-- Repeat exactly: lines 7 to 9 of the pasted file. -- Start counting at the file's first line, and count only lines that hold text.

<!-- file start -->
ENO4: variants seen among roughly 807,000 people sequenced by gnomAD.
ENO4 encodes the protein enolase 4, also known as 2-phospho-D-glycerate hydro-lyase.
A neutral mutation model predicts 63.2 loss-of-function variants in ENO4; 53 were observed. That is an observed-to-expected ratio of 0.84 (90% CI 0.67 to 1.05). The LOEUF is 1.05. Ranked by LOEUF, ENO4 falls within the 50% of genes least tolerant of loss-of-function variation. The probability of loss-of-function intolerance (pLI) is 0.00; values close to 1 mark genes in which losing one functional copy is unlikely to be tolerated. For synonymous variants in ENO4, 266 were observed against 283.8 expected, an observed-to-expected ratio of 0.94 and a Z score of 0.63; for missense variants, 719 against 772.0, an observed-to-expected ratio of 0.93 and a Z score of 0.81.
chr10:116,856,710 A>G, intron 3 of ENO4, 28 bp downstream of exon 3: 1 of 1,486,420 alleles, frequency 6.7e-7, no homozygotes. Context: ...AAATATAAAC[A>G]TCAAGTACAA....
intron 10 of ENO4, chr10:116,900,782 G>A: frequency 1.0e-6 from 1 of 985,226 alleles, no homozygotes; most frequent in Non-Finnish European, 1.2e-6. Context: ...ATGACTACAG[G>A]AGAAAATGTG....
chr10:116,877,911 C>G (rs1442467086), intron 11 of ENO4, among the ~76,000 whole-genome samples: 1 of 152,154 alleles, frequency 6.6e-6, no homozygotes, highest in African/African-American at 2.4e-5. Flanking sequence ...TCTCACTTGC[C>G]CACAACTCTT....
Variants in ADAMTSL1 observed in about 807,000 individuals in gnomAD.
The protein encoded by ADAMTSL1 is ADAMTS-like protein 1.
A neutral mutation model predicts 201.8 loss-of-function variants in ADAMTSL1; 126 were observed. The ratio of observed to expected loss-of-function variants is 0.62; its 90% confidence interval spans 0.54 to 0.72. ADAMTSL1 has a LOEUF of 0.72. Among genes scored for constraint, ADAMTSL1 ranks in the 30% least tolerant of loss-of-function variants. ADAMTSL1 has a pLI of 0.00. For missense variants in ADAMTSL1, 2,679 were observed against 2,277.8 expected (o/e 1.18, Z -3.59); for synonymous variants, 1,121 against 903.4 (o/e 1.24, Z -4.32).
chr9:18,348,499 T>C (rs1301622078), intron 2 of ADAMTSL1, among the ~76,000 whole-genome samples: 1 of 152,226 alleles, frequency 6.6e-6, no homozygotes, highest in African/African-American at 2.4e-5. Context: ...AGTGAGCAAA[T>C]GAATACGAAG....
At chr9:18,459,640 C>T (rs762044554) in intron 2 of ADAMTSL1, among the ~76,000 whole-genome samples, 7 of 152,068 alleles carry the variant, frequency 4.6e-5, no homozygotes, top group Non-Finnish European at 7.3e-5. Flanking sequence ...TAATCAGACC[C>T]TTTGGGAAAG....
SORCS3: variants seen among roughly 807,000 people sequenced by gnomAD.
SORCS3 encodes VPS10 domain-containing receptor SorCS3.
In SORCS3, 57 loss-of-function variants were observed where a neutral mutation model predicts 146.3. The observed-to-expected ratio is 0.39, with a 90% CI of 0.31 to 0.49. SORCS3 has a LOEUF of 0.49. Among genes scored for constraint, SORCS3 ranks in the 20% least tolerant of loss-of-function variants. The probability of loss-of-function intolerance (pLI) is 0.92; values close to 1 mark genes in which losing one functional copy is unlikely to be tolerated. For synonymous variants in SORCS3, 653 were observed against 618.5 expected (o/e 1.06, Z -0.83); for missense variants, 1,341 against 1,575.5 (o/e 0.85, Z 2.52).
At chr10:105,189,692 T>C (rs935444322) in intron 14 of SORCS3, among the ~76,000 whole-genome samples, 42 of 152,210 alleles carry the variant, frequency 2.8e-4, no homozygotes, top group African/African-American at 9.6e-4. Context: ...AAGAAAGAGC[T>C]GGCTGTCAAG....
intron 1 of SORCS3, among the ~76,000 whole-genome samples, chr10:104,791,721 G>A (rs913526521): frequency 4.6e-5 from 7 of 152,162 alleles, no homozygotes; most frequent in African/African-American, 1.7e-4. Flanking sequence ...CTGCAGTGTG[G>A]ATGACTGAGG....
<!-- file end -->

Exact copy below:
Variants in ADAMTSL1 observed in about 807,000 individuals in gnomAD.
The protein encoded by ADAMTSL1 is ADAMTS-like protein 1.
A neutral mutation model predicts 201.8 loss-of-function variants in ADAMTSL1; 126 were observed. The ratio of observed to expected loss-of-function variants is 0.62; its 90% confidence interval spans 0.54 to 0.72. ADAMTSL1 has a LOEUF of 0.72. Among genes scored for constraint, ADAMTSL1 ranks in the 30% least tolerant of loss-of-function variants. ADAMTSL1 has a pLI of 0.00. For missense variants in ADAMTSL1, 2,679 were observed against 2,277.8 expected (o/e 1.18, Z -3.59); for synonymous variants, 1,121 against 903.4 (o/e 1.24, Z -4.32).